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OCD and Cognitive-Behavioral Therapy

online conference transcript

Our guest,Dr. Michael Gallo says a combination of Michael Gallo Cognitive-Behavioral Therapy (CBT) and medications is the best treatment for OCD (Obsessive-Compulsive Disorder). Cognitive Behavioral Therapy is a type of therapy where you identify and challenge your irrational thoughts and modify your behavior accordingly.

David Roberts is the HealthyPlace.com moderator.

The people in blue are audience members.


David: Good Evening. I'm David Roberts. I'm the moderator for tonight's conference. I want to welcome everyone to HealthyPlace.com.

Our topic tonight is "OCD and Cognitive-Behavioral Therapy". Our guest is Michael Gallo, PSY.D. Dr. Gallo has trained and served as a psychotherapist and researcher at several major OCD treatment centers, including Harvard Medical School/Massachusetts General Hospital and The Emory Clinic. Dr. Gallo practices in Atlanta, Georgia.

OCD and Cognitive-Behavioral Therapy. Treating OCD symptoms, irrational thoughts, compulsive behavior with CBT. Conference Transcript.Good evening Dr. Gallo and welcome to HealthyPlace.com. Thank you for being our guest tonight. So everyone knows, can you please define Cognitive-Behavioral Therapy (CBT)?

Dr. Gallo: Cognitive Behavioral Therapy is a very concrete, goal-oriented type of therapy. It focuses on helping people learn to identify, analyze and challenge irrational thoughts (i.e., the "cognitive" portion).

The behavioral portion of the therapy teaches people to change counter-productive behaviors which may be instigating or contributing to their problems.

David: Can you give us an example of CBT and how it would be used in relation to Obsessive-Compulsive Disorder?

Dr. Gallo: Well, that is a big question, but let me take a crack at it.

A person with OCD may feel compelled to engage in a less than rational, compulsive behavior. For example, excessive checking of door and window locks. CBT would help the person understand that by resisting the compulsive urge to check the locks, over-and-over again, they can eventually "wait out" their anxiety until the anxiety level dissipates over time. This is a technique known in CBT as Exposure and Response Prevention.

Cognitive therapy would work by helping the person rationally challenge the practical necessity for checking the locks multiple times.

David: What would you consider the optimum treatment for OCD (Obsessive-Compulsive Disorder)?

Dr. Gallo: Clinical research has clearly demonstrated that most people with moderate to severe OCD will respond best to a combination of OCD medications and Cognitive Behavioral Therapy. However, if one had to choose either OCD medications or CBT, I think the clear choice should be CBT. This is because CBT gives a person the tools to effectively manage their OCD for their entire life.

David: I realize that every person is different, but is there any general statistic you can give us, regarding the effectiveness of CBT alone. Can a person expect, let's say, a 50% relief of their OCD symptoms using CBT?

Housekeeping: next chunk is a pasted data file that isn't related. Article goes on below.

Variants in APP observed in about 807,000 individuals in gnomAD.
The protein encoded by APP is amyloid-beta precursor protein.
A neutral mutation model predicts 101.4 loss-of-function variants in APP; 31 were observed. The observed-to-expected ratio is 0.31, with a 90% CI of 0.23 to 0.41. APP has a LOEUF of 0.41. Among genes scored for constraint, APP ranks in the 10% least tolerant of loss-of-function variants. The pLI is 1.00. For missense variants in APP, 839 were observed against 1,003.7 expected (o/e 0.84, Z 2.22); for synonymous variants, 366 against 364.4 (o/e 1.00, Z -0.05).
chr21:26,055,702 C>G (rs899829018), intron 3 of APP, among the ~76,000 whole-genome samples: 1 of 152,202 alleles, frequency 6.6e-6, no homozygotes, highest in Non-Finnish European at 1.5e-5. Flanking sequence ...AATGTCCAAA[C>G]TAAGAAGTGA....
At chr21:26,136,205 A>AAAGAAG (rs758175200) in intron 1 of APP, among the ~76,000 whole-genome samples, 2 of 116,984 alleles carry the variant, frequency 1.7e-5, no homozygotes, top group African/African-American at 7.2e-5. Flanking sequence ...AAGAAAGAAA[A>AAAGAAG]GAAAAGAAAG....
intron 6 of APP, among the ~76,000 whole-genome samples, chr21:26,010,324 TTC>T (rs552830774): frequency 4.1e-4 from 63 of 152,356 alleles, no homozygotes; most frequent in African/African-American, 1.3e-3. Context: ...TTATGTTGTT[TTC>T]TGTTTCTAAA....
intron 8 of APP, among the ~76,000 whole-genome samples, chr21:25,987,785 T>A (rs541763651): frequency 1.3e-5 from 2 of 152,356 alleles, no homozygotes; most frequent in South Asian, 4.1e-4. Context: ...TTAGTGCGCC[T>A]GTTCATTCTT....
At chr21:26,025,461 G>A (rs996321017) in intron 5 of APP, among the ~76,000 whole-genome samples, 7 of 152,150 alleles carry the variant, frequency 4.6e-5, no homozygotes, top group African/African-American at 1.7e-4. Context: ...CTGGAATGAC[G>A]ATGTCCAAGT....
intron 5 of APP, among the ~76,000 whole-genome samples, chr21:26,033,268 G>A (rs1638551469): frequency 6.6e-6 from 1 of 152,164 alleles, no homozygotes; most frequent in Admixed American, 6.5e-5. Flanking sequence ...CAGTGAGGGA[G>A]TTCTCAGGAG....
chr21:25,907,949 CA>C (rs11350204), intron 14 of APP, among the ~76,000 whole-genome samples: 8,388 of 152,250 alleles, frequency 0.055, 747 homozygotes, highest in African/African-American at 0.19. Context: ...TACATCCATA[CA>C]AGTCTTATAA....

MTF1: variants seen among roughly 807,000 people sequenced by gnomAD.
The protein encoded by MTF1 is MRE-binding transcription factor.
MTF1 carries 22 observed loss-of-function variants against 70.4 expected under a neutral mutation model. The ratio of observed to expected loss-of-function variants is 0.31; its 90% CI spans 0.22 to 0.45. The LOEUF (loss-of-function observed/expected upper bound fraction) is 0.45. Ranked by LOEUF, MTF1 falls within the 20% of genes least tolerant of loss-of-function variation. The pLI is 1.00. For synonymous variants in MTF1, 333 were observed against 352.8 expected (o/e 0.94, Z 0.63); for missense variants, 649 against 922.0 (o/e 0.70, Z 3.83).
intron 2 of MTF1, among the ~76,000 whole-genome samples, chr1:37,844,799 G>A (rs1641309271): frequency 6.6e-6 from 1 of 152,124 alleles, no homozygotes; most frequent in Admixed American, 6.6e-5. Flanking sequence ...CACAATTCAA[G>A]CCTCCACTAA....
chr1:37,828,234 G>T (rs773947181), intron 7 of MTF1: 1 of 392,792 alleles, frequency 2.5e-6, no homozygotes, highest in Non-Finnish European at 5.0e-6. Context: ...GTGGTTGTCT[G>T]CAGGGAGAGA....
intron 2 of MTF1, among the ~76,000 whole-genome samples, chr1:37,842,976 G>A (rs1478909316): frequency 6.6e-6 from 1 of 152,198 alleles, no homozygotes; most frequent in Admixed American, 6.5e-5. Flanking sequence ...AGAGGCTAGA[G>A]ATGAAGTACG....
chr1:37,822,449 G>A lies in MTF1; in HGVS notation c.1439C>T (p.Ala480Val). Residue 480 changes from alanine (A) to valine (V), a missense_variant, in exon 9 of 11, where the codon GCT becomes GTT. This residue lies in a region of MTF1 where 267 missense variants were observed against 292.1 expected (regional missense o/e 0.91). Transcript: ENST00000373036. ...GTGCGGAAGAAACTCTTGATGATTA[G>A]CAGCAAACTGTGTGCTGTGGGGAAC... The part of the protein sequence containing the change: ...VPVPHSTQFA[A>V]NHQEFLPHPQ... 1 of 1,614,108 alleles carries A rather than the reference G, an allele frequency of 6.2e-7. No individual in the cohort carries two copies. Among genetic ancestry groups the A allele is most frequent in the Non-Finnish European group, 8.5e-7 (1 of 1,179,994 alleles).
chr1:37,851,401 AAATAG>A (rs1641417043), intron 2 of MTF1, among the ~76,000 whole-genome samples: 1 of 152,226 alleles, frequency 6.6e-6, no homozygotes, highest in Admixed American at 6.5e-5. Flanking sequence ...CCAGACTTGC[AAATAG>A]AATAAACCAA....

Dr. Gallo: In general, research has suggested that approximately 75-80% of people who diligently participate in CBT will achieve substantial relief from their OCD symptoms. I have personally had patients who, after suffering for years with severe OCD, have experienced as much as 80-90% reduction in symptoms and anxiety.

David: That's amazing. Is this a significant problem -- people with OCD become frustrated and give up before completing the therapy, getting all the tools they need to deal with the OCD symptoms?

Dr. Gallo: Yes, unfortunately one of the biggest problems encountered in CBT for OCD is resistance to full-fledged engagement in the therapy process. CBT is first and foremost...hard work! It requires persistence and high motivation on the part of the patient. In fact, ultimate success is highly correlated with the patient's level of motivation.

You see, engaging in CBT for OCD will require that a person "face their fears" (however, in a highly structured and supportive environment.

In CBT for OCD, a person can expect to "feel worse" before they ultimately feel better.

Cognitive Behavioral Therapy is akin to a highly effective, but bitter tasting medicine. However, if a person diligently participates in CBT for OCD it is virtually impossible for them NOT to experience at least some substantial improvement.

David: We have a lot of audience questions, Dr. Gallo. Here we go:

teddygirl: Do OCD and depression always go together?

Dr. Gallo: Not necessarily. However, having a severe problem with Obsessive-Compulsive Disorder often causes a person to become depressed in a "reactive", secondary way. It is only normal to feel depressed when you have such a problem with disturbing thoughts and compulsive rituals. Sometimes, however, OCD and depression are mutually exclusive and truly unrelated per se.

Hope20: Will that type of CBT ( Exposure and Response Prevention) also work for Trichotillomania sufferers?

Dr. Gallo: Trichotillmania is a special subtype of OCD that has many complex components. There is a specialized type of Behavioral Therapy called Habit Reversal which can be helpful in remediating problems with hair pulling. In short, this involves switching the hair pulling behavior to another more benign type habit (e.g., rubbing a touch-stone) which is incompatible with pulling one's hair.


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Last Updated: 29 March 2017
Reviewed by Harry Croft, MD

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